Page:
Sometimes I feel incredibly lucky.
For one thing, I'm alive. I know a lot of people who aren't.
Also, I can see and hear reasonably well. I can walk. I live in a beautiful state on a beautiful hillside with a river and mountains across the road.
And I eat delicious food.
I thought of this the other night when I looked at my dinner plate. I had a lamb chop from a lamb some friends raised on pasture. From my garden I had some boiled red amaranth and some broccoli, picked just before I cooked them, both with a little butter melted on top.
I also had a salad from lettuce I had picked minutes before I ate it, plus a little purslane, a "weed" that is very high in omega-3 fatty acids, with virgin olive oil and a little lemon juice. Also some red wine.
Then I had a few blackberries and some heavy cream.
I was thinking how unfair it is that I have this delicious, fresh, healthy food and people in the city are eating fast-f...
The biggest lesson I've learned from tightly managing blood glucose levels during my one and half pregnancies, is the benefit of eating a lower carbohydrate diet. I actually enjoy having a set carb limit at each meal because it helps me to make smarter food choices and keeps my blood sugar levels much more manageable. I suppose it is simple logic that fewer carbohydrates require less insulin, and the more moderate your insulin needs the less likely you are to miscalculate your insulin bolus.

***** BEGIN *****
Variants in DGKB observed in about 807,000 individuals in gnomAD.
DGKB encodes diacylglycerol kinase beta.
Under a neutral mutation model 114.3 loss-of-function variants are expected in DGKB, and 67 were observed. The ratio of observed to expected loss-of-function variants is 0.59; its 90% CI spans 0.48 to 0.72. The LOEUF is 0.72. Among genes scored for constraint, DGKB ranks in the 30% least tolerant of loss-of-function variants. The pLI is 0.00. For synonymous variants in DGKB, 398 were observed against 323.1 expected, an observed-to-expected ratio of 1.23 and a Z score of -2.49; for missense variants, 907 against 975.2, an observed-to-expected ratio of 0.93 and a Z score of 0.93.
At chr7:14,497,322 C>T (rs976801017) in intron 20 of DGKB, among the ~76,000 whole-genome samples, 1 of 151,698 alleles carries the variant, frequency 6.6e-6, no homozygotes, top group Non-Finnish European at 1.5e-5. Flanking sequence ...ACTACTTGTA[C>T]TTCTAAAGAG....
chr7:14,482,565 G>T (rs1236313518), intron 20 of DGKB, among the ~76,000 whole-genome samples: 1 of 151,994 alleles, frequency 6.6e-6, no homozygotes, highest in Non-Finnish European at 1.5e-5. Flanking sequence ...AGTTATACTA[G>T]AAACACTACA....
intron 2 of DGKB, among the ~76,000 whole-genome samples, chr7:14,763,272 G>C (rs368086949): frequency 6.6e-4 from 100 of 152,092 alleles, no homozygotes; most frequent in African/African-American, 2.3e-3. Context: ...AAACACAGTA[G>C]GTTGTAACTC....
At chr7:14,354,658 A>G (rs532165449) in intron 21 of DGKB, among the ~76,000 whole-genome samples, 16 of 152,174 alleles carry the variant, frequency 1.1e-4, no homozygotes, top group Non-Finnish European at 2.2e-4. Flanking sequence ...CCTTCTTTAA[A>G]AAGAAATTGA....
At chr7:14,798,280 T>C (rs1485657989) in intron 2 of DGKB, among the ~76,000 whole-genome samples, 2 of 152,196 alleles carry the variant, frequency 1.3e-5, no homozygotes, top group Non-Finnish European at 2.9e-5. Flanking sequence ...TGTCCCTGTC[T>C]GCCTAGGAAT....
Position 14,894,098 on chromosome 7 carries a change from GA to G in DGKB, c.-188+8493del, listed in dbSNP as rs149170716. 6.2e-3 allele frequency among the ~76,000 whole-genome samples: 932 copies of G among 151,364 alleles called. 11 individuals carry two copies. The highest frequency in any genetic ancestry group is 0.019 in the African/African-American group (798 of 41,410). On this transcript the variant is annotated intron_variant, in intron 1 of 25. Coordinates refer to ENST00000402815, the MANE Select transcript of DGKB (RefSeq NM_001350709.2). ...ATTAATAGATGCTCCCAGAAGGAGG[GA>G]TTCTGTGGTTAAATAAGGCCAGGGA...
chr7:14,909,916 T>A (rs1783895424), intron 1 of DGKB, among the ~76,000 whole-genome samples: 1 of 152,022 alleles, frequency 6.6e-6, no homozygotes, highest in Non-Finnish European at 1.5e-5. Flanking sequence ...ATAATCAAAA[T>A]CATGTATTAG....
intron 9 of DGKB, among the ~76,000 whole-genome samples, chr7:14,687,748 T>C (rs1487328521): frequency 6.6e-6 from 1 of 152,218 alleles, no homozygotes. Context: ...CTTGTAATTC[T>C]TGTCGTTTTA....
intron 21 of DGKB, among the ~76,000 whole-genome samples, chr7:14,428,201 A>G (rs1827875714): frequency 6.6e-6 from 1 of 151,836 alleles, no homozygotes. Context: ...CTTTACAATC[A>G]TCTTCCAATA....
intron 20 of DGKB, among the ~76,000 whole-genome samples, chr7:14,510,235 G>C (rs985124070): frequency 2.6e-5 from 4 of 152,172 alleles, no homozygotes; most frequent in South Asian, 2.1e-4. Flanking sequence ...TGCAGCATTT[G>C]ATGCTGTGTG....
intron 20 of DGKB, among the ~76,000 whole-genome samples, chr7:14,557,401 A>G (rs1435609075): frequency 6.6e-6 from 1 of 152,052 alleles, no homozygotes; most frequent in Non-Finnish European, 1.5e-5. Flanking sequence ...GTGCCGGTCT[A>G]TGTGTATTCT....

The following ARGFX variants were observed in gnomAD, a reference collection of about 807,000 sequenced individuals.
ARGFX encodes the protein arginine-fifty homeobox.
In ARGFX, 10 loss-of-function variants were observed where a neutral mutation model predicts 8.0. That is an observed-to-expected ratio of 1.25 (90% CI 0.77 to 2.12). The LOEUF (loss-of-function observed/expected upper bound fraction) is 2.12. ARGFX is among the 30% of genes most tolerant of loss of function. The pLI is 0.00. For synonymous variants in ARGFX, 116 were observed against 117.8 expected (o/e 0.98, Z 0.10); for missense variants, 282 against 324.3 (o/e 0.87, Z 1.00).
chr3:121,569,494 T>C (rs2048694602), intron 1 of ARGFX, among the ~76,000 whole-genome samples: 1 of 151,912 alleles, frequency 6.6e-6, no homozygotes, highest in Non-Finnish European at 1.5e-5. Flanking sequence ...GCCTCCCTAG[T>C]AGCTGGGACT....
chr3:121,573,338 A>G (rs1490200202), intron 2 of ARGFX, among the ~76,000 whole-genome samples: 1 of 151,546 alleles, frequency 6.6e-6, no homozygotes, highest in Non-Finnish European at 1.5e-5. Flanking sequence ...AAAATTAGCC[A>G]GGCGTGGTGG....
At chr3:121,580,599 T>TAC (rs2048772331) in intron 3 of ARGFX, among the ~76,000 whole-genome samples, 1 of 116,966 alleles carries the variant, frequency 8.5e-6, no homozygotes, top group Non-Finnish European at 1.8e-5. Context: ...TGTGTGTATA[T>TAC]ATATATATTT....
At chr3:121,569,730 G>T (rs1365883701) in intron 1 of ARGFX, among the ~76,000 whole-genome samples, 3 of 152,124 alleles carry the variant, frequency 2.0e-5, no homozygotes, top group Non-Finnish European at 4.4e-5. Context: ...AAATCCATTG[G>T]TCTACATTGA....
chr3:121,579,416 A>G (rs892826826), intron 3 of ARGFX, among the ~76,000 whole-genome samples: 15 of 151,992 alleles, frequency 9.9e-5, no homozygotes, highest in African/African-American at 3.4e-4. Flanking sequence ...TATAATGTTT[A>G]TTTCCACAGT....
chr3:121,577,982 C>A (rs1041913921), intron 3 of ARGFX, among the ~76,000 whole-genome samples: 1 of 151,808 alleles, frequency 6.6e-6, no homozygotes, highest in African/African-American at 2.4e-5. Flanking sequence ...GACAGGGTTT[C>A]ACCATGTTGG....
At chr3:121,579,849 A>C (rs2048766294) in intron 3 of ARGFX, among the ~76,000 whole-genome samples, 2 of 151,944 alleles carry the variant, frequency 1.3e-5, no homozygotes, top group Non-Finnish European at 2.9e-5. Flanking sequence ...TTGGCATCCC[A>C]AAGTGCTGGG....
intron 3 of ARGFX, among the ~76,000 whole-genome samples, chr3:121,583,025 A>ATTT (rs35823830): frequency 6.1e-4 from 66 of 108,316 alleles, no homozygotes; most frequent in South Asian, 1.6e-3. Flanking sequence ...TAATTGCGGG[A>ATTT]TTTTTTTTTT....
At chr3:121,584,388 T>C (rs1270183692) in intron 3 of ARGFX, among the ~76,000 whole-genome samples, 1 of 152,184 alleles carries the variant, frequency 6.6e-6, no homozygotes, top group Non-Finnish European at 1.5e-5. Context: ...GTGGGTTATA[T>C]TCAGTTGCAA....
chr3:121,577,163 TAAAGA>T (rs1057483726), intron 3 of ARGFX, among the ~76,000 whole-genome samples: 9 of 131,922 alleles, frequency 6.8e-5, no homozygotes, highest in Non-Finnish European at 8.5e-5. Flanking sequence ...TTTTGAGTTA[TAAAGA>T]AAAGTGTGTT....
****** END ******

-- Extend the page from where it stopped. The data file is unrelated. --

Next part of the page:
If you're curious, the carbohydrate limits I (mostly) stick to during pregnancy are:
Breakfast: 15 grams
Morning Snack: 15 grams
Lunch: 45 grams
Afternoon Snack: 15 grams
Dinner: 45 grams
Bedtime Snack: 30 grams
Those certainly aren't "Atkins" diet levels of carbohydrates, but it is a lot less than the typical diet, I'd imagine. When eating out or measuring certain foods, it's amazing how quickly a regularly sized meal hits 60-75 grams of carbohyd...
Everyone eats differently on vacation than at home. Those of us who have diabetes probably vary our diet less than others, but being away from our usual places always means eating different food. On vacation we eat out more and usually go to restaurants that we have never seen before. For me, that’s one of the joys and surprises of vacation. Since New Year’s Day I have been vacationing with a friend in a rented condo on Pine Island in Southwest Florida. Neither of us had ever been to this relatively undeveloped barrier island off the coast from Fort Myers and Cape Coral before. Another friend, Dyveke Kanth, lives in Sweden and like me, follows a low-carb diet. She writes for the Swedish low-carb high-fat website LCHF.se and has followed a very low-carb diet for years. “I think that it is the only right way to eat even if you do not have diabetes,” she says. When I wrote Dyveke that I was vacationing in Florida, she asked me, “How is it going with the food in...
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